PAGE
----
I want to like Jason Hairston. He’s a tad brash, self-centered but not self-absorbed, a little bit of an asshole, and at base totally earnest. All things I respect because they’re all more prominent parts of my personality. But I have a problem with Kuiu because Kuiu has a problem with itself, and the world in which it lives. A big problem whose solution and even existence is poorly understood.
Me with a Bob Marshall whitetail and a Kuiu hat, 2015.
Hairston founded Kuiu, a hunting clothing company whose genesis is best understood in his own words (taken from this blog post):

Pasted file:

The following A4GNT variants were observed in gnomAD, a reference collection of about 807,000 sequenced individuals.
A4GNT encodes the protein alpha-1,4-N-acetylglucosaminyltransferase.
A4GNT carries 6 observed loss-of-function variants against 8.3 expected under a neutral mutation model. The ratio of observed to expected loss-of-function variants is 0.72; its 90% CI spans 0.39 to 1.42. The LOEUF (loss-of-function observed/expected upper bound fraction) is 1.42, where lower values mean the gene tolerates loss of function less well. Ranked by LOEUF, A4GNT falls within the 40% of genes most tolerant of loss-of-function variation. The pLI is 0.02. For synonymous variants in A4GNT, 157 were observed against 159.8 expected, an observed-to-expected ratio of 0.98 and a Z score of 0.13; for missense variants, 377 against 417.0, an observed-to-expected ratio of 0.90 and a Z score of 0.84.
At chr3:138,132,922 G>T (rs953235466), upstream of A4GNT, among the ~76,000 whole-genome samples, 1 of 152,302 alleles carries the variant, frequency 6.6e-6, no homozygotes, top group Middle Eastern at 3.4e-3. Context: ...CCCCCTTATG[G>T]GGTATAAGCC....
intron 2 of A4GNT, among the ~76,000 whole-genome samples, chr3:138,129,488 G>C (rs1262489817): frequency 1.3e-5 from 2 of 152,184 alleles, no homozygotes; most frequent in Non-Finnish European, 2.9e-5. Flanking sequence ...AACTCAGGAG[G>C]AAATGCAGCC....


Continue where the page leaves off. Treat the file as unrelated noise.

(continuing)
I co-founded Sitka in 2005. Our product line was an attempt to bridge the gap in design and technologies between hunting and mountaineering gear. I launched and operated Sitka from my home office and garage in Dixon, California. In July of 2006 we introduced the first Sitka product line in the Schnee’s Boot catalog, based in Bozeman, Montana. Schnee’s was the only retailer to pick up Sitka that first year and sold the all the 2006 inventory we bought in only 90 days. In just a few months Sitka had exploded in popularity and demand as the first technical mountain hunting brand in the world. In 2007 Sitka was carried in every major big-box retail store in the United States and Canada. In 2008, longtime Patagonia designer Richard Siberell introduced me to Toray at the Outdoor Retailer Show in Salt Lake City. He explained all the advantages of Toray’s patented Spiral Yarn technology, fabric performance and the industry leading innovations. I quickly pushed to build a Sitka program with Toray fabrics but could not make the margins work. Our gear prices were going to double and retailer buyers were already complaining Sitka was too expensive. We had to kill the program, but I could not get the Toray fabrics out of my mind. In 2009 my business partner and our CFO, feeling pressure from the failing economy made some bad decisions and lied to our shareholders, threw me under the bus, stabbed my family in their backs and sold Sitka to W.L. Gore for pennies. Then forced me out of the company I built. All of it was never needed as Sitka would have survived. I was down but not out and highly motivated and determined to build a new business model. A business set up to bring to market a line of the most advanced technical mountain hunting products ever produced featuring Toray fabrics. This new company would be one of integrity, honesty and transparency, focused on making the best products possible with the best possible service. I took everything I learned from creating Sitka and used it to build a much smarter business plan. I eliminated the retailer to focus on making products without price restrictions. I wanted no limits on materials, design or manufacturing. I would no longer sacrifice quality to hit price points for a retailer. And I wanted an emphasis on service and customer experience.